In my last post, I learned a valuable lesson regarding why my previous souffle had fallen. The main gist: I didn't allow the souffle to cook long enough, which prevented the egg white proteins from fully denaturing and reforming a cage-like structure, and thus causing the top of the souffle to fall without sufficient structure below to hold its weight. With this in mind, I decided to make a Thanksgiving themed souffle using butternut squash (although pumpkin could easily be substituted) and spices.
Butternut Squash Souffle
1/2 butternut squash, peeled and roasted (for instructions go here)
1/2 c heavy cream
1/4 c whole milk
2 egg yolks
3 egg whites
1/4 c sugar, plus extra for dusting the ramekins
1/4 tsp nutmeg
1/2 tsp cinnamon
1/2 tsp ground ginger
Splash of vanilla extract
Butter to grease the ramekins
- Puree butternut squash with blender and set aside to let cool.
- In a small saucepan, heat cream, milk, nutmeg, cinnamon, ginger and vanilla to a simmer.
- Meanwhile, in a separate bowl, whisk yolks and sugar until pale yellow. Add a cup of the hot cream mixture very slowly into yolks while continuing to whisk. Then add yolks and cream back to saucepan and keep stirring over low heat. Mixture should thicken in a few minutes, then turn off heat and incorporate into squash puree.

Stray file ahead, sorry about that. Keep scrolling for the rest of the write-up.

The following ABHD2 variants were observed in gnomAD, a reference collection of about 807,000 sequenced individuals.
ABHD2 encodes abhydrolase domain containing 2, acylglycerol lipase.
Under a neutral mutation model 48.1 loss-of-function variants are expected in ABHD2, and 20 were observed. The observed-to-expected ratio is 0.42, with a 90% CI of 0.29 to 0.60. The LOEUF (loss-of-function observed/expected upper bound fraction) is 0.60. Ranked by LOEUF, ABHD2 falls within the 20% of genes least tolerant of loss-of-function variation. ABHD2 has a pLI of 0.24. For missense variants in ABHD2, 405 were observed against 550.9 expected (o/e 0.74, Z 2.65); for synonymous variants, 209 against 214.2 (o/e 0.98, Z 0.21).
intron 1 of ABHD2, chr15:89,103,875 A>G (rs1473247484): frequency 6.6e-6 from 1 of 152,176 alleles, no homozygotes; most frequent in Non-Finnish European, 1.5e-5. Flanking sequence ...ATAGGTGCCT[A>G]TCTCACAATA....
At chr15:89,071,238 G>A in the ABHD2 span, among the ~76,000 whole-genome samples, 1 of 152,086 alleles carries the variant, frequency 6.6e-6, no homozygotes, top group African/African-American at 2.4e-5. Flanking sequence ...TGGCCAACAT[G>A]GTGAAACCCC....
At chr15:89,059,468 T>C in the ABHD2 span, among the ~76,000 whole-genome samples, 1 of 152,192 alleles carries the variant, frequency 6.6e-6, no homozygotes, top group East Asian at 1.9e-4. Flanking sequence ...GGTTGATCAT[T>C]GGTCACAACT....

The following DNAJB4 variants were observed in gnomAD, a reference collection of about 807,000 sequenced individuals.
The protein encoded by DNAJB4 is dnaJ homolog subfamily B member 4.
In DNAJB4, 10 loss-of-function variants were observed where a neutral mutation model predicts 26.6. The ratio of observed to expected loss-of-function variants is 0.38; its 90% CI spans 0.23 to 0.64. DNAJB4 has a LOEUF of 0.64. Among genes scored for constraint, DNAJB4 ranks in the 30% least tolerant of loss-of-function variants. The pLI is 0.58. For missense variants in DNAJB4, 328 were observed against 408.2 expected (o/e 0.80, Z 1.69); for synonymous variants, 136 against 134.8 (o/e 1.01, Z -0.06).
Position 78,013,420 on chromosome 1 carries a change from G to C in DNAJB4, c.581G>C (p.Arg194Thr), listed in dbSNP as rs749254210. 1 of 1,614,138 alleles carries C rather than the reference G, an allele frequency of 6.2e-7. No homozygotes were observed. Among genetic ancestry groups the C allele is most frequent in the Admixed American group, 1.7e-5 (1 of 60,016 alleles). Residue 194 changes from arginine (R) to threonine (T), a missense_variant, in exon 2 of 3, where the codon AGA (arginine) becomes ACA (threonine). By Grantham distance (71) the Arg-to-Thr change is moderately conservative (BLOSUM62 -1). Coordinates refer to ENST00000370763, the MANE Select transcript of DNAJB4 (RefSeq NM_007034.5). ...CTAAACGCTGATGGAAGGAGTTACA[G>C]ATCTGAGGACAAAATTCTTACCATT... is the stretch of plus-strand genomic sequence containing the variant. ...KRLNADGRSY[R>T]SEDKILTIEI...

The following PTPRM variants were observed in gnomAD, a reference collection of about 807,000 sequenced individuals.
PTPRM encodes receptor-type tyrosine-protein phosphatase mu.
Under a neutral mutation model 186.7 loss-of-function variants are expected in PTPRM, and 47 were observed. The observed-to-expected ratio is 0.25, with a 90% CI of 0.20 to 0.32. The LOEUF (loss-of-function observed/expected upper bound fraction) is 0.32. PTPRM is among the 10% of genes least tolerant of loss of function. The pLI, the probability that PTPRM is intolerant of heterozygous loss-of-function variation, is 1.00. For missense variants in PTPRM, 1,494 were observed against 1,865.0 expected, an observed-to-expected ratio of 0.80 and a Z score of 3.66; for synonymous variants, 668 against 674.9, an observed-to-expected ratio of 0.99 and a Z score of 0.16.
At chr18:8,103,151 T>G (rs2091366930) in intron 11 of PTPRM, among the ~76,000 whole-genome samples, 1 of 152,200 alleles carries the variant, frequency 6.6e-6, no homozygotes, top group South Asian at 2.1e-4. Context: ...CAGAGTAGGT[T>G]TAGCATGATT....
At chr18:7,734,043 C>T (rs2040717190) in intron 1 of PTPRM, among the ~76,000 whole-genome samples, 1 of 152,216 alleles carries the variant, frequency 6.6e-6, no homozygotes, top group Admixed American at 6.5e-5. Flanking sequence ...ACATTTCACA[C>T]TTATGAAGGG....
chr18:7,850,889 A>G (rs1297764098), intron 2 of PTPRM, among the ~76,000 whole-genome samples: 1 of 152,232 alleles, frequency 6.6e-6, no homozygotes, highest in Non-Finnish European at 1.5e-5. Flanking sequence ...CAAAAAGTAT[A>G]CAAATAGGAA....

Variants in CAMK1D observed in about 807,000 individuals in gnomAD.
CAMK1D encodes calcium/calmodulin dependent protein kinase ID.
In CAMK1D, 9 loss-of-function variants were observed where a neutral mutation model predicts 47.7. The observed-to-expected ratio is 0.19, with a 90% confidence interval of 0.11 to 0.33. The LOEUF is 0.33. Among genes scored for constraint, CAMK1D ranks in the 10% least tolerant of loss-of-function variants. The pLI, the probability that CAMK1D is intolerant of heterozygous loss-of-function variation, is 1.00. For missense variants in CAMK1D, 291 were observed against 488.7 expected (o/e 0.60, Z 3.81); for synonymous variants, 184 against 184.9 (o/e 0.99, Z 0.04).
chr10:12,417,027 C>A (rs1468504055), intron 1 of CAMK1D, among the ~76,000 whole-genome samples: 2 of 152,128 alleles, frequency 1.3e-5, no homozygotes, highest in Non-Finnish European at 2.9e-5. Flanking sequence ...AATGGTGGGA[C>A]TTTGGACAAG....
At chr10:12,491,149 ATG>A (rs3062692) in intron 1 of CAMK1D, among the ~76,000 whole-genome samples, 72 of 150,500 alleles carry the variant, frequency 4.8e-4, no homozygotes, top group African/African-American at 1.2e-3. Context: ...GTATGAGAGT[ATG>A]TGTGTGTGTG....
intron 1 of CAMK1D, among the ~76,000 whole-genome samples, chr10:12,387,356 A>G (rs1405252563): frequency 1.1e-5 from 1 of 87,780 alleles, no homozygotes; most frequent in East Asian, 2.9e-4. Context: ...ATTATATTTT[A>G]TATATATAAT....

- Preheat oven to 375 degrees, making sure the rack is near the bottom. Place a baking sheet in the oven. Butter your ramekins and dust the insides and rims with sugar.
- Then take egg whites in a clean bowl and whisk until glossy. It should form stiff peaks when you remove your whisk from the bowl, and should be able to hold the weight of an egg. Use a spatula to combine the egg whites scoop by scoop into the squash mixture, making sure they form a fully homogeneous mixture, but do not overmix.
- Carefully scoop your mixture into the ramekins up to the rims. Bake on lower rack for about 25 minutes, or until tops are golden brown. They should rise, but with firm tops and jiggly centers. Makes about 4 souffles (or one large one if you wish).
To tell you the truth, I still messed up in the end! I undercooked the souffle (but this time less so), as you can see from the photo above. The tops are not golden brown, so if you replicate this dish, leave them in for longer. These souffles did deflate slightly, but only after several minutes, instead of right after removing them from heat as with the black tea souffle, and not to the same extent. So I have yet to master the souffle as some people have, but I suppose I'm on the right track. The flavor itself was delicious, very reminiscent of pumpkin pie, but with such an airy and feather-light texture. I could easily see this as either a side dish (you could cook it in a large casserole dish) or a dessert alternative to traditional pumpkin pie.
Next up: A super simple side!